Hazama, Yabu, and several other men find themselves kidnapped as potential heart “donors” for a cult leader with a failing heart. All of the men owe some amount of debt to their kidnapper, and are offered freedom from their debt if they are compatible donors (of course, this means death for the chosen donor). Hazama and another man, Raymond, both turn out to be acceptable candidates, and when the aging cult leader for whom they have been kidnapped surveys both men, he chooses Hazama; however, the leader’s health is quickly failing, and the black market doctor that was hired to do the surgery goes underground to avoid pursuit. This buys Hazama a potential reprieve, as he is now expected to do the surgery; of course, failure very well could lead to his death, as well. For Raymond, the now-donor, this is actually welcome news, because it means money will be given to his daughter for needed medical treatment. As Hazama prepares for surgery, Yabu argues against his decision, stating that doing this surgery will brand Hazama a murderer and keep him from every legitimately practice medicine. Hazama wrestles with his conscience, as well as the failing health of both of his patients, and must make some very quick decisions.
Young Black Jack is enjoyable in its simplicity—from the beginning, we can pretty much determine that Hazama will be performing the heart surgery, so the only question that remains is how he will reach that point. The writers also manage to work in a potential explanation for the high rate that Hazama charged the family in the first episode. If you remember, the review for that episode questioned the morality behind Hazama’s rate; however, in this episode we find out that he is deep in debt as a result of trying to help yet another person, which means that his outrageously high rate could have been dueo to him trying to pay off that debt. It’s a minor plot point, but it is one of those things that are neat to pick up on.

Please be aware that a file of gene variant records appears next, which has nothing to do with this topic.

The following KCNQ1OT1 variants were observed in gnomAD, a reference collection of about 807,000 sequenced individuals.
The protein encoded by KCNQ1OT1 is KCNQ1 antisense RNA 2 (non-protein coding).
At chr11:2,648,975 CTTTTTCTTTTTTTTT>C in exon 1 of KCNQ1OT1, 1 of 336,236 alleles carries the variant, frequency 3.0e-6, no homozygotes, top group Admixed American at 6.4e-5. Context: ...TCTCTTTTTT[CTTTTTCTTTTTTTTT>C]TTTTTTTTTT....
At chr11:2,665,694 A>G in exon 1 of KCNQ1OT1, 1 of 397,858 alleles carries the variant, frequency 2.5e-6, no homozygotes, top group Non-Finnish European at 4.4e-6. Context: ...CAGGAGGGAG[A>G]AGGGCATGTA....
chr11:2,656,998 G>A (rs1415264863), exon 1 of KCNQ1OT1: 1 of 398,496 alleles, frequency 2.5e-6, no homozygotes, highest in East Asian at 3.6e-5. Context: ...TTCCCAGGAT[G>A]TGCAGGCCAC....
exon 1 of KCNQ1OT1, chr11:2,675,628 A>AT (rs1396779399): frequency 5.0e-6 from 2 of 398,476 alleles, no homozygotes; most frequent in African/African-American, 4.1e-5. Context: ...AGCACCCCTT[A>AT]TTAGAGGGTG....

Also commendable is how the writers manage to make us care about Hazama, despite the show still being in its infancy. Ultimately, the crux of the episode is the moral dilemma that Hazama faces. He wants to do the heart surgery for whatever reasons he may have—whether for the challenge or because he simply loves practicing surgery—but he also knows that what he is doing is wrong. Yabu’s added presence as a voice of reason helps to amplify this dilemma, even as Hazama prepares to cut into Raymond’s chest. The climax of the episode isn’t whether Hazama lives or dies—we knew the outcome of that before the episode even started—but how Hazama will handle the situation placed before him, which appears to be a lose-lose scenario. His solution to the problem is as novel as it is surprising, although it does leave at least one question in the viewer’s mind. Unfortunately, we can’t discuss that here, lest we spoil the ending for those who haven’t seen the episode. Instead, please feel free to sound off in the comments if you think you know what said question is.
While Young Black Jack may not be an intense medical drama like House or E.R., but it does well as a character drama focused on Hazama’s younger days and, presumably, his transformation into his alias of “Black Jack”. One cannot help but wonder if the black market doctor “Joker”, who is mentioned in this episode, has any ties to Hazama’s ultimate alias, seeing as how both names relate to cards. Perhaps we’ll find out as the drama of Hazama’s life unfolds, but only time will tell.
A Christian Perspective:
John 15:13 – Greater love has no one than this: to lay down one’s life for one’s friends.